Behavioral studies have often examined parental care by measuring phenotypic plasticity of behavior within a species. Phylogenetic studies have compared parental care among species, but only at broad categories (e.g., care vs. no care). Here we provide a detailed account that integrates phylogenetic analysis with quantitative behavioral data to better understand parental care behavior in the Cuatro Ciénegas cichlid, Herichthys minckleyi. We found that H. minckleyi occurs in a clade of sexually monochromatic or weakly dichromatic monogamous species, but that male and female H. minckleyi have dramatically different reproductive coloration patterns, likely as a result of sexual selection. Furthermore, we found that males are polygynous; large males guard large territories, and smaller males may attempt alternative mating tactics (sneaking). Finally, compared to the closely related monogamous Rio Grande cichlid, H. cyanoguttatus, males of H. minckleyi were present at their nests less often and performed lower rates of aggressive offspring defense, and females compensated for the absence of their mates by performing higher levels of offspring defense. Body color, mating system, and parental care in H. minckleyi appear to have evolved after it colonized Cuatro Ciénegas, and are likely a result of evolution in an isolated, stable environment.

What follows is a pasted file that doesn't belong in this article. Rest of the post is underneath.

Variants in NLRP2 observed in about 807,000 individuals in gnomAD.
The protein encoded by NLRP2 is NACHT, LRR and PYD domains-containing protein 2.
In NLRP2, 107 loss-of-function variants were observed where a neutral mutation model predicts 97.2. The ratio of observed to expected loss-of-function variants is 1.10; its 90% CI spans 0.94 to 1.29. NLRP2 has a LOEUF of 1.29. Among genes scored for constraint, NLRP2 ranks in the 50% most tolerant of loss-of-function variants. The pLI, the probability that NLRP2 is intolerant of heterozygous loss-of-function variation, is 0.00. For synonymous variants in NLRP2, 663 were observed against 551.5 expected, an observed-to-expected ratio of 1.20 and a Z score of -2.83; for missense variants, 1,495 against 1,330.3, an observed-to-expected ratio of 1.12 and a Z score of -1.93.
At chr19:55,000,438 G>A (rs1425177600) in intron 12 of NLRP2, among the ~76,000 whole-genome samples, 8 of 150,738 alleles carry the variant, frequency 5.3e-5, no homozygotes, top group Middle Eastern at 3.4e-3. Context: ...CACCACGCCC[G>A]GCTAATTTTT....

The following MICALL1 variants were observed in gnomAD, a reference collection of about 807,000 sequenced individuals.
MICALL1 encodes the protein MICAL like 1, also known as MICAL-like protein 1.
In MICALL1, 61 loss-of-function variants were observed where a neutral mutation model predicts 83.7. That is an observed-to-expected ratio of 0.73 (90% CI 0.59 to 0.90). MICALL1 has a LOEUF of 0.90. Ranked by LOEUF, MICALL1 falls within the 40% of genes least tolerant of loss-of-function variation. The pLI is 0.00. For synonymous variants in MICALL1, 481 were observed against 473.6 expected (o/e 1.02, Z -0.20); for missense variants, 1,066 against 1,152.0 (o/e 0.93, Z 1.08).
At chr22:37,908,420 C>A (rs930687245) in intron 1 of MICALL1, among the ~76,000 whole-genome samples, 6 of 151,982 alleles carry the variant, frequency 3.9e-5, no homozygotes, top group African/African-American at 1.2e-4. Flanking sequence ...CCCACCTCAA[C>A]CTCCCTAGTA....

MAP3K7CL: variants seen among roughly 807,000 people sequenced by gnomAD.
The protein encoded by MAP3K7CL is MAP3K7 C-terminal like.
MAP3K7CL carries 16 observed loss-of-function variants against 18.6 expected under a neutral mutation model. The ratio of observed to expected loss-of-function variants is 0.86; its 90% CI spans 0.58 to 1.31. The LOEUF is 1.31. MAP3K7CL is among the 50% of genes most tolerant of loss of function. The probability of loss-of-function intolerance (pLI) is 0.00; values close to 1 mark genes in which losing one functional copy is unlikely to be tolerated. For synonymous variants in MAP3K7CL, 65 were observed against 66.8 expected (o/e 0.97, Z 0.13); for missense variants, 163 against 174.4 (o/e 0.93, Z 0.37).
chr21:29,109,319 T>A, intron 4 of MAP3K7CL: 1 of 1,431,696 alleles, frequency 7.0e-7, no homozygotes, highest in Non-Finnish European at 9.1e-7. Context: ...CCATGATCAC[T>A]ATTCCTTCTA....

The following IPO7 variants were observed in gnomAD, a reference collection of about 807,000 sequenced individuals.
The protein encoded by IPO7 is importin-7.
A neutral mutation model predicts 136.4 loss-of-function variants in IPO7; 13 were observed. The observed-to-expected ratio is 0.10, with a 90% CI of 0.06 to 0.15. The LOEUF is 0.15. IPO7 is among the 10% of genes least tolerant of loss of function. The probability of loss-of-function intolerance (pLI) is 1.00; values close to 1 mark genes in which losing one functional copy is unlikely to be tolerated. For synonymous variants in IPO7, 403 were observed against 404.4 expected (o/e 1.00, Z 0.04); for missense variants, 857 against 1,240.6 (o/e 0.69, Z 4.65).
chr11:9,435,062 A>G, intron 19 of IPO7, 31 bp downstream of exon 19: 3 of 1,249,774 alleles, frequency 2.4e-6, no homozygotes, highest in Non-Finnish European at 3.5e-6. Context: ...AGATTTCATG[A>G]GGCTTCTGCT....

In vertebrates, glucocorticoids mediate a wide-range of responses to stressors. For this reason, they are implicated in adaptation to changes in predation pressure. Trinidadian guppies ( Poecilia reticulata) from high-predation environments have repeatedly and independently colonized and adapted to low-predation environments, resulting in parallel changes in life history, morphology, and behavior. We validated methods for non-invasive waterborne hormone sample collection in this species, and used this technique to examine genetic and environmental effects of predation on basal glucocorticoid (cortisol) levels. To examine genetic differences, we compared waterborne cortisol levels in high- and low-predation fish from two distinct population pairs. We found that fish from high-predation localities had lower cortisol levels than their low-predation counterparts. To isolate environmental influences, we compared waterborne cortisol levels in genetically similar fish reared with and without exposure to predator chemical cues. We found that fish reared with predator chemical cues had lower waterborne cortisol levels than those reared without. Comparisons of waterborne and whole-body cortisol levels demonstrated that populations differed in overall cortisol levels in the body, whereas rearing conditions altered the release of cortisol from the body into the water. Thus, evolutionary history with predators and lifetime exposure to predator cues were both associated with lower cortisol release, but depended on distinct physiological mechanisms. ?? 2013 Elsevier Inc.